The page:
It is also contemplated that the tungsten may be recovered after forming the alloy with zinc by contacting the alloy with an aqueous acid so as to leach the matrix material and zinc from the alloy so as to leave tungsten material.
The following examples are intended to more fully illustrate the present invention.
A heavy metal having the composition of about 90 percent tungsten, 6 percent nickel and 4 percent copper is mixed in a silica crux with 97.8 grams of zinc pellets. The crux or container is placed in an electric furnace which has been preheated to a temperature 550° C. The container is covered and heated in the furnace approximately 45 minutes after which the heavy metal has completely dissolved. After cooling the container a zinc alloy is present in the container. Reagent grade hydrochloric acid is added to the zinc alloy until the zinc was dissolved. A black powder residue is present after dissolving the zinc, the residue was identified by x-ray diffraction as tungsten. The hydrochloric acid contained copper and nickel.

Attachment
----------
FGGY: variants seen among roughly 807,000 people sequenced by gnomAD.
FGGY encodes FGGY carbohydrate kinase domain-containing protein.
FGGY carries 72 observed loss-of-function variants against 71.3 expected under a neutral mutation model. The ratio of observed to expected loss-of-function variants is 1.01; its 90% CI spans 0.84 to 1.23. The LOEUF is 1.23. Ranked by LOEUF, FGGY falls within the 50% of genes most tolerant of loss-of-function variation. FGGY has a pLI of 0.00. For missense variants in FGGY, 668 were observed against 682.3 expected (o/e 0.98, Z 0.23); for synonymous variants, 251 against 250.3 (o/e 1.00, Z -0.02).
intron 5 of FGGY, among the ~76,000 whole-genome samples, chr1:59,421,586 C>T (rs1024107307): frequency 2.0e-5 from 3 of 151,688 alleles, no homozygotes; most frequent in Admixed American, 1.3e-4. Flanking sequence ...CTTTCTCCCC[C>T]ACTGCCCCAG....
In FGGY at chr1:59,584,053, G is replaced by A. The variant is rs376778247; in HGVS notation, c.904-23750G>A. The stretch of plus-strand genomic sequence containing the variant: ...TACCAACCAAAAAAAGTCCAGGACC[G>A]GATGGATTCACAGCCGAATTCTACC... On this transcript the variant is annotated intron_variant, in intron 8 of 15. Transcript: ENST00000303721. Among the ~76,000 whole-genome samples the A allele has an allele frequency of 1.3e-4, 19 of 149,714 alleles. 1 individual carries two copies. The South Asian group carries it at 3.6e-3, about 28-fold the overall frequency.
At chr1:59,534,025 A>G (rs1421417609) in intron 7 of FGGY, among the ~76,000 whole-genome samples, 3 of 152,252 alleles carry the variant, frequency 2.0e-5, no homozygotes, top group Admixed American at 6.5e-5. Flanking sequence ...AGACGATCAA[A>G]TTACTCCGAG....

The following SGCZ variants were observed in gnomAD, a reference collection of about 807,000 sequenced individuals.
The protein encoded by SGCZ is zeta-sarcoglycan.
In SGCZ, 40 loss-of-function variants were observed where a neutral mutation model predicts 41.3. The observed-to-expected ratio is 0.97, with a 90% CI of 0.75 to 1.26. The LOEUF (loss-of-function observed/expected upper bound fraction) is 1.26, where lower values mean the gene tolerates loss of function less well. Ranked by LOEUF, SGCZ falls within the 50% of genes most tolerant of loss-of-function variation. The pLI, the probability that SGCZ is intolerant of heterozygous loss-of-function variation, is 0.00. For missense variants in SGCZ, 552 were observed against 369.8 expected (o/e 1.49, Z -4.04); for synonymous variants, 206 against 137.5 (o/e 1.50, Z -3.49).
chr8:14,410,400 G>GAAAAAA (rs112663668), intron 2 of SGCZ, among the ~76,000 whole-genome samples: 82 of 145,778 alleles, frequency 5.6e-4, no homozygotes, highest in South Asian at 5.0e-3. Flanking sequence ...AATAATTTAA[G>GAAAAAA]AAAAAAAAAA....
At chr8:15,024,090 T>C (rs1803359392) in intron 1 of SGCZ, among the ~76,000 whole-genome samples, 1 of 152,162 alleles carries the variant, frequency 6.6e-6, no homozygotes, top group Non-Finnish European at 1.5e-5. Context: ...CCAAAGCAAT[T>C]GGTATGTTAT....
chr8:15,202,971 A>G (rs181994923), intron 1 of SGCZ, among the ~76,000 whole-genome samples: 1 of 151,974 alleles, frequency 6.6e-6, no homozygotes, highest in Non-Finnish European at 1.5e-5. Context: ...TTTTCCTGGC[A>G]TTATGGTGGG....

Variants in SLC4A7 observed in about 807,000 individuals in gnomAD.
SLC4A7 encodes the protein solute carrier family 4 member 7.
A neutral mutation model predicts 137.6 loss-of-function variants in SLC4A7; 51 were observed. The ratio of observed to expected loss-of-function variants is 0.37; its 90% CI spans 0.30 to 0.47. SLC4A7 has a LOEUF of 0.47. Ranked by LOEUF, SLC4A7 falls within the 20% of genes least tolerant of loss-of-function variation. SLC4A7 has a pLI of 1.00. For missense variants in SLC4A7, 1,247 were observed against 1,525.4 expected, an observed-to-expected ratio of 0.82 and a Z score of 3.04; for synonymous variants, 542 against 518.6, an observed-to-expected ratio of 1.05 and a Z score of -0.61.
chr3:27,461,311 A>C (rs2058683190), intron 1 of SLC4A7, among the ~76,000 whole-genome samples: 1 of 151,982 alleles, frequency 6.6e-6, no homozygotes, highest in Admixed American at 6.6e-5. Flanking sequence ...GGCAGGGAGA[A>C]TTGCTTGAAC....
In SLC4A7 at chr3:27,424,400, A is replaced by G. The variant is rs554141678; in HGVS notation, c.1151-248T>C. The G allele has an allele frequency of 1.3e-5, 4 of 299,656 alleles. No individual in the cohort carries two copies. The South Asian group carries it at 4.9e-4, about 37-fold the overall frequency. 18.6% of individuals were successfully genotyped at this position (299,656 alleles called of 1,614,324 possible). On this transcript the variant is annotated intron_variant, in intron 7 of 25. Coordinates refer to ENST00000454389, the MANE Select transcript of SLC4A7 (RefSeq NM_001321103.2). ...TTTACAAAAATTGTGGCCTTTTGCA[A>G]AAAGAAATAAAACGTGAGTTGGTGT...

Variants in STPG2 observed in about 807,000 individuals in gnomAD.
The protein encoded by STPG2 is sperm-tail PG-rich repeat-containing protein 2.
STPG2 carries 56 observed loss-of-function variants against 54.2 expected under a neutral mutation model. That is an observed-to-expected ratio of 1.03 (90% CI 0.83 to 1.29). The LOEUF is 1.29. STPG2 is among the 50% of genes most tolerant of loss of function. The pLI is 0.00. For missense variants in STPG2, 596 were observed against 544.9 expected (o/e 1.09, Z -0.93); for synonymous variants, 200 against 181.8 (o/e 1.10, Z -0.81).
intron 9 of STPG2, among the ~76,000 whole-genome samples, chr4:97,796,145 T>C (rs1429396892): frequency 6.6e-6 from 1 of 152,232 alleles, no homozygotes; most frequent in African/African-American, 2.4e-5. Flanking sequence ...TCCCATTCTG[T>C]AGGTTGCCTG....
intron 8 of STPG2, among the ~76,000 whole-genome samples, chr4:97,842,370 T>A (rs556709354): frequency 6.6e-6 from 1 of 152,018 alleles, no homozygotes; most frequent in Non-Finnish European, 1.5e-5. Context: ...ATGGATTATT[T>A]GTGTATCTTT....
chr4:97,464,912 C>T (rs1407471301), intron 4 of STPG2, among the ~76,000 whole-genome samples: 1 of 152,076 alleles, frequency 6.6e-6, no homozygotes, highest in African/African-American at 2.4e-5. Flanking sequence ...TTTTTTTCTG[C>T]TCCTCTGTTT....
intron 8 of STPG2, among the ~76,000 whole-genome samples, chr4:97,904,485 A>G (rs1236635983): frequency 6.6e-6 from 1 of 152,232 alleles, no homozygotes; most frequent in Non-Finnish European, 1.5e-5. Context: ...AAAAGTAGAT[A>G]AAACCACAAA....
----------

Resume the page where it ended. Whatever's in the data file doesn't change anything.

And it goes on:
About 50 grams of a heavy metal and 100 grams of zinc pellets were mixed in the silica container and covered and heated for one hour at a temperature of 550° C. at which time the heavy metal has dissolved in the zinc. After cooling, the zinc alloy with heavy metal was transferred to a vacuum furnace and the zinc distilled at approximately 800° C. After approximately five hours a black powder remained in the furnace which was identified by x-ray analysis as tungsten, copper and nickel. Because of some oxidation the powder was reduced under a hydrogen reducing atmosphere at about 400° C. Chemical analysis indicated that the powder would be suitable for reuse.
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|U.S. Classification||75/363, 75/364|